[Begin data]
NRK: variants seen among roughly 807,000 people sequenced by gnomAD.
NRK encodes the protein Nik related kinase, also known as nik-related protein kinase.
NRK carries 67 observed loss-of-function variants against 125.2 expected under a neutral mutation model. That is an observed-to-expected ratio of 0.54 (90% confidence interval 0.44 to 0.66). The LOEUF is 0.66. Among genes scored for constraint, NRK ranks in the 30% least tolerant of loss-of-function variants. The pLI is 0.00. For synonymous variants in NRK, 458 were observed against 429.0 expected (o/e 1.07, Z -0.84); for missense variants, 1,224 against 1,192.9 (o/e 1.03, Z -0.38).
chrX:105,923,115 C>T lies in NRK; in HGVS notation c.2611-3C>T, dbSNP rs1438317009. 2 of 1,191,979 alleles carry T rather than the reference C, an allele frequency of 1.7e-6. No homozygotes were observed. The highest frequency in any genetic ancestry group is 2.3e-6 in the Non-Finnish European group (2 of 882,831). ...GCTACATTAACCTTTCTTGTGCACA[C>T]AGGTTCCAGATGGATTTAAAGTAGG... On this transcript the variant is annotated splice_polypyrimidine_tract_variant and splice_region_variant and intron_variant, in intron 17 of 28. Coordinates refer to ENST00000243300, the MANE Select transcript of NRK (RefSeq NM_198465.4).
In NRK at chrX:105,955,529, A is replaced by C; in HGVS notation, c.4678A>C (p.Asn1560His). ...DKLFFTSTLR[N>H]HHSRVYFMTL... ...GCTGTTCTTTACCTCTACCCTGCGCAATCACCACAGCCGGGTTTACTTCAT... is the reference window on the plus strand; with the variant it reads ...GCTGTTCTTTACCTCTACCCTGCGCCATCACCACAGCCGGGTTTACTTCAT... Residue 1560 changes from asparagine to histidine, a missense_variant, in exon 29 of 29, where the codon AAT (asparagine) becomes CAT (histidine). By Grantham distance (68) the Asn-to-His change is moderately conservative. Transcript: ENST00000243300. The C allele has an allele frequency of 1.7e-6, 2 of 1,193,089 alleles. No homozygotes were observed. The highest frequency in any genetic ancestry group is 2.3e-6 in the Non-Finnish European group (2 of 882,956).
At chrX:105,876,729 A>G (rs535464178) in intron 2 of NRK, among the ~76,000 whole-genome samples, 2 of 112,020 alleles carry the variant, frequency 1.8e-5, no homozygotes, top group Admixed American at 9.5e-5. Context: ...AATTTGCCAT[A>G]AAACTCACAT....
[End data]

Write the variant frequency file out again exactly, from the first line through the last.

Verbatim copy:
NRK: variants seen among roughly 807,000 people sequenced by gnomAD.
NRK encodes the protein Nik related kinase, also known as nik-related protein kinase.
NRK carries 67 observed loss-of-function variants against 125.2 expected under a neutral mutation model. That is an observed-to-expected ratio of 0.54 (90% confidence interval 0.44 to 0.66). The LOEUF is 0.66. Among genes scored for constraint, NRK ranks in the 30% least tolerant of loss-of-function variants. The pLI is 0.00. For synonymous variants in NRK, 458 were observed against 429.0 expected (o/e 1.07, Z -0.84); for missense variants, 1,224 against 1,192.9 (o/e 1.03, Z -0.38).
chrX:105,923,115 C>T lies in NRK; in HGVS notation c.2611-3C>T, dbSNP rs1438317009. 2 of 1,191,979 alleles carry T rather than the reference C, an allele frequency of 1.7e-6. No homozygotes were observed. The highest frequency in any genetic ancestry group is 2.3e-6 in the Non-Finnish European group (2 of 882,831). ...GCTACATTAACCTTTCTTGTGCACA[C>T]AGGTTCCAGATGGATTTAAAGTAGG... On this transcript the variant is annotated splice_polypyrimidine_tract_variant and splice_region_variant and intron_variant, in intron 17 of 28. Coordinates refer to ENST00000243300, the MANE Select transcript of NRK (RefSeq NM_198465.4).
In NRK at chrX:105,955,529, A is replaced by C; in HGVS notation, c.4678A>C (p.Asn1560His). ...DKLFFTSTLR[N>H]HHSRVYFMTL... ...GCTGTTCTTTACCTCTACCCTGCGCAATCACCACAGCCGGGTTTACTTCAT... is the reference window on the plus strand; with the variant it reads ...GCTGTTCTTTACCTCTACCCTGCGCCATCACCACAGCCGGGTTTACTTCAT... Residue 1560 changes from asparagine to histidine, a missense_variant, in exon 29 of 29, where the codon AAT (asparagine) becomes CAT (histidine). By Grantham distance (68) the Asn-to-His change is moderately conservative. Transcript: ENST00000243300. The C allele has an allele frequency of 1.7e-6, 2 of 1,193,089 alleles. No homozygotes were observed. The highest frequency in any genetic ancestry group is 2.3e-6 in the Non-Finnish European group (2 of 882,956).
At chrX:105,876,729 A>G (rs535464178) in intron 2 of NRK, among the ~76,000 whole-genome samples, 2 of 112,020 alleles carry the variant, frequency 1.8e-5, no homozygotes, top group Admixed American at 9.5e-5. Context: ...AATTTGCCAT[A>G]AAACTCACAT....